I’m writing this at the kitchen table while Warren washes the dishes and Carter is making him a friendship bracelet in Howard Johnson’s colors to match his HoJo room. Having Carter and Warren tell stories about me and what a bad girl I was when I was Carter’s age is probably a bad idea. I don’t know if it is a good for me to let them spend too much time together, but they do have so much fun together. They are already plotting about throwing me off the schooner we are going on the morning.
I love coming to visit Warren and eat at the soda fountain counter of his own personal HoJo’s while listening to Bread coming from the juke box. When you are thirsty you just reach into the Coke cooler and grab yourself a drink. I am thankful that the whole ice cream counter is not stocked with hot fudge and the 28 flavors. Warren and Carter did have strawberry shortcakes. I had the strawberries and a squirt of whipped cream as celebration.
Everything about Maine screams summer to me and with this heat it is feeling like it too. But the weather is going to break and I will certainly be wearing my sweatshirt any day now. Oh to be in Maine, laughing, telling stories and making new memories.
We have only had four days over ninety degrees and my family have not gone on our vacation yet and I feel as if summer is over. Today we got Carter’s back to school information for her first year in Upper School. Where has break gone, or really where have the years gone? I feel like it was just yesterday that Carter was going to DA for Pre-K and now she is in ninth grade.
Rather than packing for our trip to Maine I am pouring over letters from division heads, athletic directors, looking at class schedules and advisory lists. I think I can physically feel high school flying by just as I wink my eye.
Wasn’t I just in high school? In the morning we are going to visit my great friend Warren, whom I met in high school. That was like 38 years ago, maybe three blinks of an eye. Now I have a child who is friends with him who is almost my age when we met.
Today was also the last day for me to work out with my beloved trainer Tom Stafford. I have followed Tom through three different gyms in the last ten years. Tom has endured me as a client and has never made me dread working out because he uses humor and fun in all that we do. Tom is moving to Florida because his wife’s job is transferring them there. If I had not seen him go from no kids to two who are almost nine and seven I might say we had only been working out together a couple years. I closed my eyes and opened them and a decade was gone, and sadly for me so will Tom.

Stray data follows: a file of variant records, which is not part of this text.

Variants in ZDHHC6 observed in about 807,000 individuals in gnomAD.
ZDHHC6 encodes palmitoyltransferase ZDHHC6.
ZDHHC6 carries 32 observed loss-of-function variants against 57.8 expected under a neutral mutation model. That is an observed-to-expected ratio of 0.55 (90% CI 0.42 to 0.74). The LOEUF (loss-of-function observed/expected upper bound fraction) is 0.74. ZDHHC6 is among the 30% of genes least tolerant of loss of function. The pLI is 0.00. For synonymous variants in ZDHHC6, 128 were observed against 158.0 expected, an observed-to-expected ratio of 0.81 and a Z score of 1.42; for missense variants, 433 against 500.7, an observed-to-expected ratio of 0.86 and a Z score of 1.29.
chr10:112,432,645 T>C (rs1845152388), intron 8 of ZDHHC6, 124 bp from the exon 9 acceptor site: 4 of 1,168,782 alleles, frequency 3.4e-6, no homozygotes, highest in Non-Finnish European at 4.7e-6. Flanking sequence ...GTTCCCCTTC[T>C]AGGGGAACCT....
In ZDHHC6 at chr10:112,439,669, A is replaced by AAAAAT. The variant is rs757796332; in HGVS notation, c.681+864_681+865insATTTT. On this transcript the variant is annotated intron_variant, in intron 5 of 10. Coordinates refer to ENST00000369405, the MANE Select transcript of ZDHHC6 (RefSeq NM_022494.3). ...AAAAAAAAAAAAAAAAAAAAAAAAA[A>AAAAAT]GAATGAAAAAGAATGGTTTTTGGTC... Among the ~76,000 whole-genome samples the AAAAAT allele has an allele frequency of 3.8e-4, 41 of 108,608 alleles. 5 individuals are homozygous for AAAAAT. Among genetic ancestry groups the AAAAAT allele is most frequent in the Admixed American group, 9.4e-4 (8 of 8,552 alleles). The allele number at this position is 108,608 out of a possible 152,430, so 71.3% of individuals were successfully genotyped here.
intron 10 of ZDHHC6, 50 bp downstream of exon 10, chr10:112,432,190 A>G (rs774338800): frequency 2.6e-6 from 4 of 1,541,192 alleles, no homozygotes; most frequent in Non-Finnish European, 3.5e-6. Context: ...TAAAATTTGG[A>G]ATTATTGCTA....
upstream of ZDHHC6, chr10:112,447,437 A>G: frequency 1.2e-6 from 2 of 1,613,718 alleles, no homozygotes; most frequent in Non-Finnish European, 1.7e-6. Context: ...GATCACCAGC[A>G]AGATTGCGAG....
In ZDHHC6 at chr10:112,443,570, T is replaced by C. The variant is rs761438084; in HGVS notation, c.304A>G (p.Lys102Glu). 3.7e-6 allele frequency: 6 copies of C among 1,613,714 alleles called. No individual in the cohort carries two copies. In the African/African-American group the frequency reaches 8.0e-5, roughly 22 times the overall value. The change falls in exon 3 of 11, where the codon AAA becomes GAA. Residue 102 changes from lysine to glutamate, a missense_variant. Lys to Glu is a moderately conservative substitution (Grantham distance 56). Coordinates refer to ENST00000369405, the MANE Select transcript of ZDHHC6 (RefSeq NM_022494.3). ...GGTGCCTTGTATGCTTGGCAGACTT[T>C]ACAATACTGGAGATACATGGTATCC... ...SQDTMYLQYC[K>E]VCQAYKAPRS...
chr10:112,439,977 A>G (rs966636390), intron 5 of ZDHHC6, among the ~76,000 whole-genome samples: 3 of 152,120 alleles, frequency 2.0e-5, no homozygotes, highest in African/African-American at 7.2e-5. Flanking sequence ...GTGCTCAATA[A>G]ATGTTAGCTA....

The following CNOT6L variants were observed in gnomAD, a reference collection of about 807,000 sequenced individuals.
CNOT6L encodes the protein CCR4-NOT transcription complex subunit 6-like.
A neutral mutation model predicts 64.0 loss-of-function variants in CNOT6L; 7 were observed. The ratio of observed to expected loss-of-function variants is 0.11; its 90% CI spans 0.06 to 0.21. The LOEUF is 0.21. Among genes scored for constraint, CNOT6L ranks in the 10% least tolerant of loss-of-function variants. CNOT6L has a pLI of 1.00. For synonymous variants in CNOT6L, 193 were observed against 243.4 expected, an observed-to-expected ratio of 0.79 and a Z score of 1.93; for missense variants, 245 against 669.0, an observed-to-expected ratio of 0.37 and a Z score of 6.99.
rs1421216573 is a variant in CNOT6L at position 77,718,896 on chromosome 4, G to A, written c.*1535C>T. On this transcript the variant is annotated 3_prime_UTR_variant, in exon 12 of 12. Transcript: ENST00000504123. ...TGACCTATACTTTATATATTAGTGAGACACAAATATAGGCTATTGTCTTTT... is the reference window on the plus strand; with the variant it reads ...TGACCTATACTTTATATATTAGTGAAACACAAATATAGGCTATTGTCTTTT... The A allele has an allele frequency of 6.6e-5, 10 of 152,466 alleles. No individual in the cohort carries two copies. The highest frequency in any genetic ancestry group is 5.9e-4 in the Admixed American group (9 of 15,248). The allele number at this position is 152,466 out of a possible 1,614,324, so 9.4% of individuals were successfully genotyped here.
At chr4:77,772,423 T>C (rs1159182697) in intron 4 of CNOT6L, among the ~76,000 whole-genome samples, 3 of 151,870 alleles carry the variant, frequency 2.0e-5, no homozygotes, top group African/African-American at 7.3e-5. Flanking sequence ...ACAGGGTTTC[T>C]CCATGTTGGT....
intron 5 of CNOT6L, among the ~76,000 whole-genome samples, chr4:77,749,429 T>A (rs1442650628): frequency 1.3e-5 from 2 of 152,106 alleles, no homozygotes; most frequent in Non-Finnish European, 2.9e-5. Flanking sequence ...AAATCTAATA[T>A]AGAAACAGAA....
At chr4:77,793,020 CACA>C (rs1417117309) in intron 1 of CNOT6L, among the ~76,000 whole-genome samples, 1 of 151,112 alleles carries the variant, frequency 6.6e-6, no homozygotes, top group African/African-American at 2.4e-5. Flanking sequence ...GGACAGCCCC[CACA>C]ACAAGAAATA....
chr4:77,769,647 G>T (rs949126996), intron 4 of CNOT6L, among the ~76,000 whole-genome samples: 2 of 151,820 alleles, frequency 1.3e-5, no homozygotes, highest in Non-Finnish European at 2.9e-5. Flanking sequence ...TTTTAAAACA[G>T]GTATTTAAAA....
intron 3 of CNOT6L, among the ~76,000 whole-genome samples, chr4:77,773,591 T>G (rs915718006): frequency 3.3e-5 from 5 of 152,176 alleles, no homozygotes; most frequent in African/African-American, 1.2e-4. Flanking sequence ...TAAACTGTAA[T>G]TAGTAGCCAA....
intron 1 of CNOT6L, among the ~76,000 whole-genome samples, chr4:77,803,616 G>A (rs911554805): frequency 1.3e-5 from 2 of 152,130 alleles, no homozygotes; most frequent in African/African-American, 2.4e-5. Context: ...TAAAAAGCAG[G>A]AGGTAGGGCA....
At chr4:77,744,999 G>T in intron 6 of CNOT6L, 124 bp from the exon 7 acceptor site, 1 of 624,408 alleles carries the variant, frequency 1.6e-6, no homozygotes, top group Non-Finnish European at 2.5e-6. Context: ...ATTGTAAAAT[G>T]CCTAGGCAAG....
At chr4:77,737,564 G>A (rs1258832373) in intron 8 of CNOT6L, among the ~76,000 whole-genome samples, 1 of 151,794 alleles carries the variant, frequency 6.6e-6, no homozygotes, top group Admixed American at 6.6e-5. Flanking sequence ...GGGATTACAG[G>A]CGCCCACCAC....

Time is such a funny thing. The time between lunch and dinner can feel like forever, but between age 32 and 52 like no time at all. I hate the feeling that summer is over even though technically I have four and a half weeks until school starts. I just know that I have so much to do and don’t have time to blink.
Today after picking Carter and her friend Ashley up at cooking camp we stopped into Nordstrom to pick up some jeans for Carter. The teen section, called BP has a brand of jeans that Carter likes so it makes shopping for them quick. As we were checking out the new sales girl asked Carter if she had gotten this brand before. After Carter sang the praises of these jeans the Nordstrom girl said, “I think I will have to try them because a $45 pair of jeans is so cheep.”
As we walked away both Ashley and Carter had the same adverse reaction to that comment. Their feeling was that $45 was first of all not really cheep and they could not really put their finger on why it rubbed them the wrong way. We discussed how much $45 meant to most Americans and how hard it is to earn. Both girls said it was wrong of the clerk to assume that $45 was un-meaningful to them. I was really quite proud of their outrage.
We stopped by our mailbox as we pulled into the driveway. The piece of junk mail on the top of the pile assaulted us all with the headline, “Unhappy with your Maid Service.” Are you kidding me? The girls and I had a follow-up discussion to the Nordstrom one’s about this direct mail piece. Of course direct mail is segmented by neighborhood and certainly plenty of people have help cleaning their houses, but it struck us very presumptuous that we already had a “Maid” and maybe we wanted to dump her and get a new one. If I were writing that headline I might say, “Unhappy with how your house is getting cleaned…?” That way it could be about your own cleaning abilities or ones provided you by another.
The gap between the haves and the have-nots seems to be widening and I am worried that not enough people are concerned about it. The clerk and maid mail were indicators, to the three of us in the car, that making class distinctions was just fine. Where has the middle class gone? I am all for people having opportunities to earn their way to riches, but I want everyone and not just a few people to be rich.
Mostly I am thankful that my child and her friend were aware enough to feel uncomfortable about the scenarios we had faced today. When I moaning that I needed to write my blog and did not know what to write about today Ashley said, “Write about that clerk and the maid service.” I hope these good values from two fourteen year olds rub off on some adults.
Yesterday I was watching Kristen Wiig on Good Morning America. You know Kristen is a comedian who was on Saturday Night Live and gained worldwide fame in Bridesmaids. Well she was on GMA joking that she wished she could stop people talking about kale and also that she could not live with out kale.